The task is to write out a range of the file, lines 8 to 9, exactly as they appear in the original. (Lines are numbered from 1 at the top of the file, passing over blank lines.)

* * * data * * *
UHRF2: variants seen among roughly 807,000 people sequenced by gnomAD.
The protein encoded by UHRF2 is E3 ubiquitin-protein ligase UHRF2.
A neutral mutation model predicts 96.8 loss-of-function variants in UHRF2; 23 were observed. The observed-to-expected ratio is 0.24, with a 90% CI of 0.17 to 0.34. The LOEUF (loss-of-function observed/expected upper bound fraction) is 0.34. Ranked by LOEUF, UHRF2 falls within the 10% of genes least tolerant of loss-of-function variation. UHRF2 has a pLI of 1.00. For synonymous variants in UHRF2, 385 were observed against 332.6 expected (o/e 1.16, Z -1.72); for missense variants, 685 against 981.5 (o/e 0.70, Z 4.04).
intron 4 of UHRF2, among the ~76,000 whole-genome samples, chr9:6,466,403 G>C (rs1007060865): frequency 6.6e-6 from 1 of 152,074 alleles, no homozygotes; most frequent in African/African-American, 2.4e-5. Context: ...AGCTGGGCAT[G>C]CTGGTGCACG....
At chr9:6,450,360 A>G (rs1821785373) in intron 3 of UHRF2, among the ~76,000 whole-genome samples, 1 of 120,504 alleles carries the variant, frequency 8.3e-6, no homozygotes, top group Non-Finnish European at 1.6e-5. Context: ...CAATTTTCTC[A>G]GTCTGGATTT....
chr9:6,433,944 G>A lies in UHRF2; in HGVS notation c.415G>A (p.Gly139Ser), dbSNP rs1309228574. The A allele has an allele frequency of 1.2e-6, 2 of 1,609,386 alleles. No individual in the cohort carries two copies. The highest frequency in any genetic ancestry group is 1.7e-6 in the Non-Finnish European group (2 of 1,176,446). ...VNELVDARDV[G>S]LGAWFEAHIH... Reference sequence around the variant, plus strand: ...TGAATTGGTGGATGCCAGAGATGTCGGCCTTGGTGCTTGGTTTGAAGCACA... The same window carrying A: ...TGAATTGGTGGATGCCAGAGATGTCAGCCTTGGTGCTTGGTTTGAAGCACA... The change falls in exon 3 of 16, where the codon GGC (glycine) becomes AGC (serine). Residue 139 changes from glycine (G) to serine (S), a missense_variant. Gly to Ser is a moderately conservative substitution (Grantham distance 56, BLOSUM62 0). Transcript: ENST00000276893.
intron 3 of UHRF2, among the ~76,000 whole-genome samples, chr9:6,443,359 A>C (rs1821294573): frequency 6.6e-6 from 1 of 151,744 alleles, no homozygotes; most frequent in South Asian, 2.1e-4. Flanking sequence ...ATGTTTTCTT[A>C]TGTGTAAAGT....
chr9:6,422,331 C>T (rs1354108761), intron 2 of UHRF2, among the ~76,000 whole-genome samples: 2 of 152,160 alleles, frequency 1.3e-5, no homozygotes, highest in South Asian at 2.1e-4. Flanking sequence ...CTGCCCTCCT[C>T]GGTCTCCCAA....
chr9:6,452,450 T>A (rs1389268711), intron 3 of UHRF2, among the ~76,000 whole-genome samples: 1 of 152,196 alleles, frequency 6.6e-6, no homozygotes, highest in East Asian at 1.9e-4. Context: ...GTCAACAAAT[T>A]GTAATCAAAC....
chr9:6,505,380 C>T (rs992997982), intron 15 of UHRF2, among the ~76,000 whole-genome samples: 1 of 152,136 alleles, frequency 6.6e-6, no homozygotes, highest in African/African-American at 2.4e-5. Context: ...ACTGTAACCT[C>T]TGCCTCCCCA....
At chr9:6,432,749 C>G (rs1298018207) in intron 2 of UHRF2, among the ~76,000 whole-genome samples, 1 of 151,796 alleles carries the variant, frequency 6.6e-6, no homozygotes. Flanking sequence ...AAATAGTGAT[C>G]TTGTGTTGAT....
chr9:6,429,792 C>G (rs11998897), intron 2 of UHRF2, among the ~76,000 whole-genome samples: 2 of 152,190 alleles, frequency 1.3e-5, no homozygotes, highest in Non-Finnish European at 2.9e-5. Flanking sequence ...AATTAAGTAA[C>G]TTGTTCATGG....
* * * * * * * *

chr9:6,422,331 C>T (rs1354108761), intron 2 of UHRF2, among the ~76,000 whole-genome samples: 2 of 152,160 alleles, frequency 1.3e-5, no homozygotes, highest in South Asian at 2.1e-4. Flanking sequence ...CTGCCCTCCT[C>T]GGTCTCCCAA....
chr9:6,452,450 T>A (rs1389268711), intron 3 of UHRF2, among the ~76,000 whole-genome samples: 1 of 152,196 alleles, frequency 6.6e-6, no homozygotes, highest in East Asian at 1.9e-4. Context: ...GTCAACAAAT[T>A]GTAATCAAAC....